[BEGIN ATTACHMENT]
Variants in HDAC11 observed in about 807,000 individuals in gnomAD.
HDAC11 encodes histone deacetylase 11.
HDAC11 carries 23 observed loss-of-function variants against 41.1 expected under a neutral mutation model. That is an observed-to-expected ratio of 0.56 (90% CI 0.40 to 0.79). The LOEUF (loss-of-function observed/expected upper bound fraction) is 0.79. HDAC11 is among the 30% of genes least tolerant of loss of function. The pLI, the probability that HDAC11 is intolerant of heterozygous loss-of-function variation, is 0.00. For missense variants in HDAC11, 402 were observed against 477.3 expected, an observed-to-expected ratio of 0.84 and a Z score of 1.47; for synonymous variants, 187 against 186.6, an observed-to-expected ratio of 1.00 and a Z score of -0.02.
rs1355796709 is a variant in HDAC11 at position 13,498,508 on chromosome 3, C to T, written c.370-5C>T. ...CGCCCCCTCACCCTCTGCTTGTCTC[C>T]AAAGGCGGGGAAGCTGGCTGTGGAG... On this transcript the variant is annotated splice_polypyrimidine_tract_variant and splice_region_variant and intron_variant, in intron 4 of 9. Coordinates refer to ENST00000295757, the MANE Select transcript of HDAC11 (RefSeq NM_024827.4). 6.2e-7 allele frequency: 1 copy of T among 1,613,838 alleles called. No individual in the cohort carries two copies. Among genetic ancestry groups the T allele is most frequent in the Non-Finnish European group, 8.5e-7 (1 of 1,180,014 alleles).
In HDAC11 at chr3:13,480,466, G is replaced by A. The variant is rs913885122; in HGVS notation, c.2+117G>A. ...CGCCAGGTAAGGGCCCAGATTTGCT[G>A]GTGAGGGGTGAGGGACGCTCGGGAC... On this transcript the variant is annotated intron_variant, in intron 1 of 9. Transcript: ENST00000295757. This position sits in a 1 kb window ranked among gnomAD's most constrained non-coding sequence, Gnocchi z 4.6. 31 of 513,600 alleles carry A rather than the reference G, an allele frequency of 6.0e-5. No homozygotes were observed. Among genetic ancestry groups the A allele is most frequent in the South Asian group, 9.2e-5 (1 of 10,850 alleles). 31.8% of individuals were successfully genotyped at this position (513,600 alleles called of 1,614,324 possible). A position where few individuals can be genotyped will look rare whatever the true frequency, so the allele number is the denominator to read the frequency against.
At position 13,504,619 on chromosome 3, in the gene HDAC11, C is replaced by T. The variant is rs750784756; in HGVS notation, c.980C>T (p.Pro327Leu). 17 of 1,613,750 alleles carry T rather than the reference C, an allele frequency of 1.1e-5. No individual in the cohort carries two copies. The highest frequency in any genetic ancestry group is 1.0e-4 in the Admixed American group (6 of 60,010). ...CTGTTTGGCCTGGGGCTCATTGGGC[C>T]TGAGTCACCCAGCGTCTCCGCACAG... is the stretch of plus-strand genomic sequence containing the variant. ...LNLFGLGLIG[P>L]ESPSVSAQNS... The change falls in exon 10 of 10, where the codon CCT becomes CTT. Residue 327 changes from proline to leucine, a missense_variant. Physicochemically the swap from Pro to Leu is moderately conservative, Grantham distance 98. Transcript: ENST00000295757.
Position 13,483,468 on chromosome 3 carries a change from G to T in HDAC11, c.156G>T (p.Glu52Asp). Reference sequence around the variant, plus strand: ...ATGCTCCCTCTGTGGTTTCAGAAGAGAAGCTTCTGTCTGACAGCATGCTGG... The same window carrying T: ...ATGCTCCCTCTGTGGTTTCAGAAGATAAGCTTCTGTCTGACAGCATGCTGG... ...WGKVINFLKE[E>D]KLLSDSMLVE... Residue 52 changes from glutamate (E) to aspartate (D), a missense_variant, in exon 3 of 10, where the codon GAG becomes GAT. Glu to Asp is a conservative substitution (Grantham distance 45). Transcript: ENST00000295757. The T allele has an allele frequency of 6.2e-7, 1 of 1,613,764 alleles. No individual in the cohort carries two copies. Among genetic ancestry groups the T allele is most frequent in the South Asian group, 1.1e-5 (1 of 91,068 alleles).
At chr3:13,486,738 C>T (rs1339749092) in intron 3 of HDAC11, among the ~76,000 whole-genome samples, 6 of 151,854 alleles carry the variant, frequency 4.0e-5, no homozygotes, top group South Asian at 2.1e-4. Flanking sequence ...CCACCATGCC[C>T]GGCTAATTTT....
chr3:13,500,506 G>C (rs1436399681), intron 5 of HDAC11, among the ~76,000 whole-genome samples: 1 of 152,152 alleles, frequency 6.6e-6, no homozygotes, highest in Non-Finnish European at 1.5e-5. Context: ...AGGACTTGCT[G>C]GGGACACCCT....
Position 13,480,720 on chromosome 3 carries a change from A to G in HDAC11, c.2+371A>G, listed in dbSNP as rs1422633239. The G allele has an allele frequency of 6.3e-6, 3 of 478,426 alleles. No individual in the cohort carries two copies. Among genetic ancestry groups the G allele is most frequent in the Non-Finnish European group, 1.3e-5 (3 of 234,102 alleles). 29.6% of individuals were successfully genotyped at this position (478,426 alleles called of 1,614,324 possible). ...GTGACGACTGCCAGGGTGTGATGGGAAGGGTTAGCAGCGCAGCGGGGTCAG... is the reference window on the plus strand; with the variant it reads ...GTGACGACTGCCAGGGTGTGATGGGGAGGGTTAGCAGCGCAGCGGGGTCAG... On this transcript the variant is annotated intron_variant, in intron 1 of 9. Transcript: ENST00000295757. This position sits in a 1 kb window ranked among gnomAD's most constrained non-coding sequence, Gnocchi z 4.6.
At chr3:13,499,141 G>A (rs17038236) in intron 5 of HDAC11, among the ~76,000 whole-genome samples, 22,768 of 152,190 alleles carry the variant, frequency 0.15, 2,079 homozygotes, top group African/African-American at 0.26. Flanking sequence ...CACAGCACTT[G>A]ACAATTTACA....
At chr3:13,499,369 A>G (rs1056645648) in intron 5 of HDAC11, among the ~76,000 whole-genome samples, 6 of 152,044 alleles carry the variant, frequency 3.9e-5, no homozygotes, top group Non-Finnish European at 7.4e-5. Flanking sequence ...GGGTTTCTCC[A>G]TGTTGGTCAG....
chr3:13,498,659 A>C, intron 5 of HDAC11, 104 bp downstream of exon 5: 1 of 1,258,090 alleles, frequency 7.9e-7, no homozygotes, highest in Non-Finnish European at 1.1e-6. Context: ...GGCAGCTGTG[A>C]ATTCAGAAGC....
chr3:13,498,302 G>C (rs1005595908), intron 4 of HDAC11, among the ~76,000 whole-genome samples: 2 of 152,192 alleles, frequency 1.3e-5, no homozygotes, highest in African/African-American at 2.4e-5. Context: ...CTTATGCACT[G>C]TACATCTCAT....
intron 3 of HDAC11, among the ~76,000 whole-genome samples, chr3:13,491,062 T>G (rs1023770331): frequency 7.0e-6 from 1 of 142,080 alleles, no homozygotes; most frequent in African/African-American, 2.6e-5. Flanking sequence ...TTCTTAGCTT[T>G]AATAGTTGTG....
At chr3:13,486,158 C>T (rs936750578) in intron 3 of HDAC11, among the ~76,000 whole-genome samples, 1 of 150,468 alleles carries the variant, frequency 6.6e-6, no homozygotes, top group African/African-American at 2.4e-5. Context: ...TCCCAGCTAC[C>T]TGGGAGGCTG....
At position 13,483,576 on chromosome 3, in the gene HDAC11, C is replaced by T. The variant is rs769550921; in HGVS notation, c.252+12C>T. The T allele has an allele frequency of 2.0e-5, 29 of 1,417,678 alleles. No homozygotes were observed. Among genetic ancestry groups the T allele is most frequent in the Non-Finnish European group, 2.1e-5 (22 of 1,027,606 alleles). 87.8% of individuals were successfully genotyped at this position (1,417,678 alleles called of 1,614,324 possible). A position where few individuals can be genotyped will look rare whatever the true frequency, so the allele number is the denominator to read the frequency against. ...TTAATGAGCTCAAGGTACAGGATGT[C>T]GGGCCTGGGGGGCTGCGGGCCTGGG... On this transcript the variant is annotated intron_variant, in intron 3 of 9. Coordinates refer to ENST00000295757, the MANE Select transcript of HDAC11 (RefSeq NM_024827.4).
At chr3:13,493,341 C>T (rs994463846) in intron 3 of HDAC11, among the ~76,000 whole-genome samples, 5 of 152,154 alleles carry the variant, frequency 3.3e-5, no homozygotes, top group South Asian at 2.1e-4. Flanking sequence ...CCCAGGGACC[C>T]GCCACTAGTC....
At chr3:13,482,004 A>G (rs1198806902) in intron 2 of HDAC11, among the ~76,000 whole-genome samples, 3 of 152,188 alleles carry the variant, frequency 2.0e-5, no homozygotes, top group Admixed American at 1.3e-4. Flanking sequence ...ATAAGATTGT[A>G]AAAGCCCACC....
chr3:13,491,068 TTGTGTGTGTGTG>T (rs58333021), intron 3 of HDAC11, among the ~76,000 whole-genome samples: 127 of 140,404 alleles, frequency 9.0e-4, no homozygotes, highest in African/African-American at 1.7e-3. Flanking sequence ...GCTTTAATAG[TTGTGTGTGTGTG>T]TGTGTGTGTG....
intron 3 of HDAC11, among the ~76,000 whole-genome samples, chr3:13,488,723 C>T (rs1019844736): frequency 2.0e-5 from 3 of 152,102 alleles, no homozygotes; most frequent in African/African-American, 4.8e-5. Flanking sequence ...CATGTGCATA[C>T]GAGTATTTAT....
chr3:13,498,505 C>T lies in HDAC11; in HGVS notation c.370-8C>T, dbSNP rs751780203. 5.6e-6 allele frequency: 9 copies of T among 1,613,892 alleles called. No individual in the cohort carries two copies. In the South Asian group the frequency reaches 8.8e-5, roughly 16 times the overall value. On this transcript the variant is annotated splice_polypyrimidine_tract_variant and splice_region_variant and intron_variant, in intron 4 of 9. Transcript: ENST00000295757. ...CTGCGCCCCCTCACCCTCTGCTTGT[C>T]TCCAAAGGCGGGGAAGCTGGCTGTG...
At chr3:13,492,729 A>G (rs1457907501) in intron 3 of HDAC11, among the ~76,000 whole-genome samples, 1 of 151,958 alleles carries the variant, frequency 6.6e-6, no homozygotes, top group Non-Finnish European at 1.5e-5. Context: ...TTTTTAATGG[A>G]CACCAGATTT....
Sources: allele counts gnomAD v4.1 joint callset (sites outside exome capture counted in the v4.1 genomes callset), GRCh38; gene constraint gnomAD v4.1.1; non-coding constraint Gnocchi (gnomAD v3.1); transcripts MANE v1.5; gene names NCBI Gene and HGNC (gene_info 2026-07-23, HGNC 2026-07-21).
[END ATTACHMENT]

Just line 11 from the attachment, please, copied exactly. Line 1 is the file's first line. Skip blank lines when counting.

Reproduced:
At chr3:13,499,141 G>A (rs17038236) in intron 5 of HDAC11, among the ~76,000 whole-genome samples, 22,768 of 152,190 alleles carry the variant, frequency 0.15, 2,079 homozygotes, top group African/African-American at 0.26. Flanking sequence ...CACAGCACTT[G>A]ACAATTTACA....